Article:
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Magazines > MultiMedia Schools > October 2003
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Vol. 10 No. 5 — October 2003
CIPA and the Supreme Court Decision: Where Are We Now?
by Nancy Willard, M.S., J.D.
Guest Columnist • Responsible Netizen Institute

Can students easily gain access to constitutionally protected material that has been blocked by filters?

This question and all that it implies sum up the impact ofthe recent Supreme Court decision in the American Library Association case challenging the Children's Internet Protection Act (CIPA). CIPA requires libraries and schools receiving federal funding for technology to install "technology protection measures" to block access to obscene material, child pornography, and material considered to be harmful to minors. The American Library Association and others challenged the constitutionality of the library-related provisions. The District Court ruled in May 2002 that CIPA was unconstitutional. The Supreme Court reversed this decision in a ruling announced in June 2003.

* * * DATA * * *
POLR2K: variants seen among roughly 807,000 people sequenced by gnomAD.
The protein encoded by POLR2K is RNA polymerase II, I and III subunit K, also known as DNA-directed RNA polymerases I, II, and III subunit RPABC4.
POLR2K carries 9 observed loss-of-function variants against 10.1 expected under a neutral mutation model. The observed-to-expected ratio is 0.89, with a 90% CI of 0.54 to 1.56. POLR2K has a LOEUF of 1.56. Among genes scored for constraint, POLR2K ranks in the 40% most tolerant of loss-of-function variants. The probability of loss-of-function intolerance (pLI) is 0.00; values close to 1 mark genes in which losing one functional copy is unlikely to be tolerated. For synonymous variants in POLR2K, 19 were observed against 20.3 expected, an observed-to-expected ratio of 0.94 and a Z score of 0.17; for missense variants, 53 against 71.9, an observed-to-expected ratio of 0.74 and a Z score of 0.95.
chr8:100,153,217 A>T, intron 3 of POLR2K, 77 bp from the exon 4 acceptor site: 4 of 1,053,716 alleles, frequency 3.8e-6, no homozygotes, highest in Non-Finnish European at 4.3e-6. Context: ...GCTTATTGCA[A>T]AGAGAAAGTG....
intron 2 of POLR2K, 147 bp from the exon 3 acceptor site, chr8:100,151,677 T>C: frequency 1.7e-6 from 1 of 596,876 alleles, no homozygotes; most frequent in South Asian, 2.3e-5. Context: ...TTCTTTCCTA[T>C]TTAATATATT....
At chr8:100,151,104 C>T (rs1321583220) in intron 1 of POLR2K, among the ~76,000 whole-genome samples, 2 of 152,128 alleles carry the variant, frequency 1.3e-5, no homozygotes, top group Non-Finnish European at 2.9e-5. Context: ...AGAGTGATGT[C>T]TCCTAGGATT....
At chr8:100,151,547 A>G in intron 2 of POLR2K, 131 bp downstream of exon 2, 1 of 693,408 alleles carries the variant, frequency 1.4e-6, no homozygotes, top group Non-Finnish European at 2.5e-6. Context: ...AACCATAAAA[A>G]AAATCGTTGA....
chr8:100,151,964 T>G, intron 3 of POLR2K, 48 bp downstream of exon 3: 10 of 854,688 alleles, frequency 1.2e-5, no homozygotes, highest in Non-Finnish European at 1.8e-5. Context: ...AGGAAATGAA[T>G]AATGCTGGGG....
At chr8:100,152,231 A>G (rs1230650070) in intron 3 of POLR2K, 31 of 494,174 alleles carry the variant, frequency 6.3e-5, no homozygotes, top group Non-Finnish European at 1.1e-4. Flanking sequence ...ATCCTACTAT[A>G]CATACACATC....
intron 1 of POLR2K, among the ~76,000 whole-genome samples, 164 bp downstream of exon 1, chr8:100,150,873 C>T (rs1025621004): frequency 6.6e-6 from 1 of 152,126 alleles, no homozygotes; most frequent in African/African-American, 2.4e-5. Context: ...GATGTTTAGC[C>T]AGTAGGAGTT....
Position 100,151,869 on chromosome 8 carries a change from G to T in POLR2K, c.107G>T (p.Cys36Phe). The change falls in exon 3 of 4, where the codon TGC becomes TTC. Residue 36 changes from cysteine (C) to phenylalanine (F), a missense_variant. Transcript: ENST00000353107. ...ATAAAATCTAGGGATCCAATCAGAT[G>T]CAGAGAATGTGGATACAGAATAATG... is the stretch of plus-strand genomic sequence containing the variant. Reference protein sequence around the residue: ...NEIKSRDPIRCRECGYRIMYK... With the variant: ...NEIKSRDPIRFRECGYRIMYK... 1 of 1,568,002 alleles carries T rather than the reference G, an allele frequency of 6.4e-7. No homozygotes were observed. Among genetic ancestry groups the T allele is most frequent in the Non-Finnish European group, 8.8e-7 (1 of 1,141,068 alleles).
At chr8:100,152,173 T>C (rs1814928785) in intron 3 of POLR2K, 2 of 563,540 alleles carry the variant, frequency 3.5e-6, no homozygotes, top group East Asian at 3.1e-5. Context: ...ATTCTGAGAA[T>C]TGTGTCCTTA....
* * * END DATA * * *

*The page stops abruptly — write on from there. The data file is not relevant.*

Many news reports of the Supreme Court's ruling made it appear that the Supreme Court fully upheld the constitutionality of the use of filtering. This is not an accurate interpretation of the ruling. What the Court ruled was that the federal law requiring the use of a technology protection measure by recipients of federal funds was constitutional because it is possible to override the filter to provide access to constitutionally protected material that has been inappropriately blocked. For adults, the filter can be entirely disabled upon request. The courts noted that library patrons need not provide an explanation for why they want access and that such access must be without substantial delay.

Several of the justices who supported the law pointed out that their decision was based solely on an interpretation of the law, not on how the law or the use of filtering might be implemented. In other words, if filtering is implemented in a way that is blocking access to constitutionally protected material and there is no process in place to provide for an override without substantial delay, then the use of filtering may not be constitutional.

Implications for Public Schools